This was the title given to last week’s Lent Course bible study based on Jesus ‘ words to his mother ‘Dear woman, here is your son’ and to the disciple ‘here is your mother’.’
Here are the study notes:
The Compassionate Christ
This is the third statement spoken by Christ from the cross. As Jesus surveys the scene, amidst all of the activity around the cross He now sees His mother grieving deeply as she looks on helplessly. Through His own untold anguish, His heart of compassion reaches out to her and to His best friend, John. As their eyes meet, His thoughts are for them and their future care when He is gone.
Words of affection: ‘Dear woman….’ As He looked down, son to mother, memories of happy family times would have flooded to His mind. What a wonderful, loving, faithful mother she had been, despite the shame others had heaped upon her. For His sake, she had carried the stigma of conceiving a child outside of wedlock and lived with the slurs of marital infidelity whispered continually behind her back. He remembered the mother she had been to Him through His tender and defenceless infant years. His use of the word ‘woman’ in no way implies disrespect, but was a term to convey deep honour, respect, endearment and affection. Jesus was fulfilling the will of His Father in heaven in the words of the fifth commandment, ‘Honour your father and your mother’.
The words spoken to Mary so many years before by Simeon in the temple after the birth of Christ, ‘And a sword will pierce your own soul too’ (Luke 2:35) had now become a stark reality for her. The sword was piercing through her beating breast as she beheld her son dying on the cross. The gaze and words of Jesus directed towards her in these moments may not have lessened the pain, but would have given her the assurance that she was close to His heart and in His thoughts. As for any mother, this would have brought some measure of comfort to her soul. His words demonstrated His care, love and concern for His mother.
A precious gift: ‘…here is your son.’ To the last Jesus was thinking about others and not Himself. His heart of love was always giving precious gifts. To His executioners He had bequeathed pardon from on high, to the dying thief He had bequeathed paradise and now to His mother He bequeaths His closest friend. It was a double bequest. To His bereft friend, the precious gift of a mother and to a bereft mother, the precious gift of a son to take care of her. They were two of the most belied people in His life and at this time of His deep anguish and pain, His thoughts and concern were towards them. Tradition tells us that Mary was widowed before Jesus and her other children from her marriage to Joseph grew to adulthood, and that Jesus became the head of the household, supporting them by working as the village carpenter in succession to Joseph. Now, as the head of the family He makes the provision of care for His mother. As in the first two statements from the cross, His concern was not for Himself but for others.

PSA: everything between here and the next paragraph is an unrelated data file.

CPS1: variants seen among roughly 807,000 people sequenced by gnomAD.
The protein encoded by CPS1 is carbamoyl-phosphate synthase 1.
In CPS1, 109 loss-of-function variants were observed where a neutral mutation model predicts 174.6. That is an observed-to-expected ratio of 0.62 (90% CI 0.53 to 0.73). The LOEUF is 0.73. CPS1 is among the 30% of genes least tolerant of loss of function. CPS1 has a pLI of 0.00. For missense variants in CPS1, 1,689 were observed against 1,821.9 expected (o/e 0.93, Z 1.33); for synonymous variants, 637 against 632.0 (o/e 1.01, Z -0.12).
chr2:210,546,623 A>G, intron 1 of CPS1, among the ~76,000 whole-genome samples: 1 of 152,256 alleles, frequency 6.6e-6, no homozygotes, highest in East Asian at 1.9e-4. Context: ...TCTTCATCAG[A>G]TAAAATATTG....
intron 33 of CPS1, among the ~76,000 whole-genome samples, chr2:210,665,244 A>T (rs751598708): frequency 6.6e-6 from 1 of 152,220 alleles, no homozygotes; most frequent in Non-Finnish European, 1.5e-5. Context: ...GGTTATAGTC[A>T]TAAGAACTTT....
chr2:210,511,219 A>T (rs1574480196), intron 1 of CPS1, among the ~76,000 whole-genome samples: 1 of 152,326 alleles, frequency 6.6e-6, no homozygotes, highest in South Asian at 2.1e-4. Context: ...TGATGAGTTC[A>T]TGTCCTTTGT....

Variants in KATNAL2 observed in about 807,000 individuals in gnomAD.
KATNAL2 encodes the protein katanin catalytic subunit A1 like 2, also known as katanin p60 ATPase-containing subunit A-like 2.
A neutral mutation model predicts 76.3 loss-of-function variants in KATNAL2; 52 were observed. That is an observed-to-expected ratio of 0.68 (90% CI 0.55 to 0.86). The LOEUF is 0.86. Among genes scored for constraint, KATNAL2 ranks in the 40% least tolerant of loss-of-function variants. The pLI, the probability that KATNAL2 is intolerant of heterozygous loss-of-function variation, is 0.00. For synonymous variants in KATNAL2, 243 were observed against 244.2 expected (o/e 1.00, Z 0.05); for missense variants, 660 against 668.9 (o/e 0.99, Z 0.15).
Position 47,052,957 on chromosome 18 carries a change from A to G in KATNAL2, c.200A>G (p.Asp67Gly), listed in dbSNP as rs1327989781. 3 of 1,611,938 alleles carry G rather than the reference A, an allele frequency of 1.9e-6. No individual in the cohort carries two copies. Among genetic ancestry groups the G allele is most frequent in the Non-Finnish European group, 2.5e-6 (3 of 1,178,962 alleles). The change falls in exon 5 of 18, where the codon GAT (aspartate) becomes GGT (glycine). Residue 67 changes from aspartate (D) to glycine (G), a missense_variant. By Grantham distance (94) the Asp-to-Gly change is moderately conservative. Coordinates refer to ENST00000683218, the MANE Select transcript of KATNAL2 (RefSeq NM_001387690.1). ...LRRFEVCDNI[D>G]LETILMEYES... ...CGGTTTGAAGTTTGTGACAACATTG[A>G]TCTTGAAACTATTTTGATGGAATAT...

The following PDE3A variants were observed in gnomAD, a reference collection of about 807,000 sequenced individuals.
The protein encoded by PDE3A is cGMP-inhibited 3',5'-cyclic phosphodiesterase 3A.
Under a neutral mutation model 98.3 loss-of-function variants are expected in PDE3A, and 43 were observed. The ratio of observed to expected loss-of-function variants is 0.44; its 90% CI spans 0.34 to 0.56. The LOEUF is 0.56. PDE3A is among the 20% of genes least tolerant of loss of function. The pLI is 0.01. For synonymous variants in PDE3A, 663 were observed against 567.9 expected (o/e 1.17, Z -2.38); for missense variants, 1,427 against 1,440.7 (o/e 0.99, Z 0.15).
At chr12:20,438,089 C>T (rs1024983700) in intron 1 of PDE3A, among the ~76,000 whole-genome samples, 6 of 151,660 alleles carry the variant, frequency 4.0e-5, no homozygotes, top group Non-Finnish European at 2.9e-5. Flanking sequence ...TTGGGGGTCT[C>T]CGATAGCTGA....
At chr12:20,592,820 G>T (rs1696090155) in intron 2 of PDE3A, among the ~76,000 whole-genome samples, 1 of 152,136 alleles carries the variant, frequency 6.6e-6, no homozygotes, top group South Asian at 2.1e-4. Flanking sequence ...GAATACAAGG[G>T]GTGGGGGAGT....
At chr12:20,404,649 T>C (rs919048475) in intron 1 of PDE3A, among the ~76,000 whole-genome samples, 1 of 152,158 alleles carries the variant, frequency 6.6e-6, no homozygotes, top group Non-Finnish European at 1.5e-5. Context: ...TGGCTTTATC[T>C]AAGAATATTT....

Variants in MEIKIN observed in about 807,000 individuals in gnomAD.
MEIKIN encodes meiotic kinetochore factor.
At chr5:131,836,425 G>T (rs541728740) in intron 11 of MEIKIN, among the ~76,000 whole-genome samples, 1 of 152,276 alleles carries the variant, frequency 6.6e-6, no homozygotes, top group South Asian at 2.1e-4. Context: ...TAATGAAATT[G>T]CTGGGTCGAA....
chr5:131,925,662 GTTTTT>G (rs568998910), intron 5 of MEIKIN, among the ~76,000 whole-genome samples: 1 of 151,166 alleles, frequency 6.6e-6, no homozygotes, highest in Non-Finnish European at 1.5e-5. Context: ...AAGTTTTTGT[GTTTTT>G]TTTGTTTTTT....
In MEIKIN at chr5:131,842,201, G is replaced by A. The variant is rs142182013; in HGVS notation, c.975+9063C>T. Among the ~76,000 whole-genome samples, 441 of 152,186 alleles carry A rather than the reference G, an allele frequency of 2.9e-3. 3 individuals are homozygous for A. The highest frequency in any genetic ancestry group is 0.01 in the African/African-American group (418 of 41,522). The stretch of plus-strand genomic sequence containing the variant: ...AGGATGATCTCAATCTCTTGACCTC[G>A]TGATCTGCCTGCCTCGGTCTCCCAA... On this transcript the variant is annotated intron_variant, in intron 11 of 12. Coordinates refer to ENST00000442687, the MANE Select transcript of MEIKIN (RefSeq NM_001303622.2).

A solemn charge: ‘Here is your mother.’ This part of the statement is directed to ‘the disciple whom he loved’ and it is clear from other references in his Gospel that John is referring to himself in these instances (13:23; 20:2; 21:7,20). They would have been standing a little way from the cross, young John’s protective arm around the grieving mother of Jesus. As Jesus said, ‘Here is your son’, her gaze would have momentarily turned to John; now in response to Jesus’ words, John fastens his arm more tightly around Mary, looks into her pain-wracked face, then up into the eyes of his Messiah and nods. He understands this solemn charge. In these moments Jesus was seconding John to the sacred responsibility of looking after His mother. Whether or not Jesus might have chosen one of the other disciples we do not know, as they were not present for possible selection. They were found to be in dereliction of their duties that day. John, who loved Jesus deeply and dearly, was present and would have counted it an honour and privilege to take on such a responsibility for his Lord, and the Gospel account records that from that time on John took Mary into his home.
We said in the Introduction that Lent was not only a time of giving up but also of giving out by acts of self-sacrifice and kindness. During Lent this year, why not take responsibility to reach out into your community by an act of care, or demonstrate an act of kindness by taking someone into your home as John did, even if it is only for a meal?
The words of Jesus on the cross for His mother reveal the heart and love of a true son for His heartbroken mother. Mary through her life and devotion displays the hallmarks of a fine and devout mother. At Calvary she stayed to watch and weep. What a great comfort she must have been to her dying son.
She had been a model of true motherhood. The meaning of her name is ‘bitter’ or ‘sorrow’, and that truly came to pass for her, but she never allowed it to estrange and alienate her from the son she loved deeply. After Jesus had ascended into heaven about 120 people were gathered in an upper room and Mary the mother of Jesus was found among them (Acts 1:14). She had brought Jesus into the world, now He had ascended to His Father in heaven. Along with His other followers she was hungry for more of God and waited with them to receive the blessing of the gift of the Holy Spirit. Maybe you are estranged in some way from a member of your family. Why not make an effort this Easter to start the process of reconciliation, even if the first step is only sending an Easter card?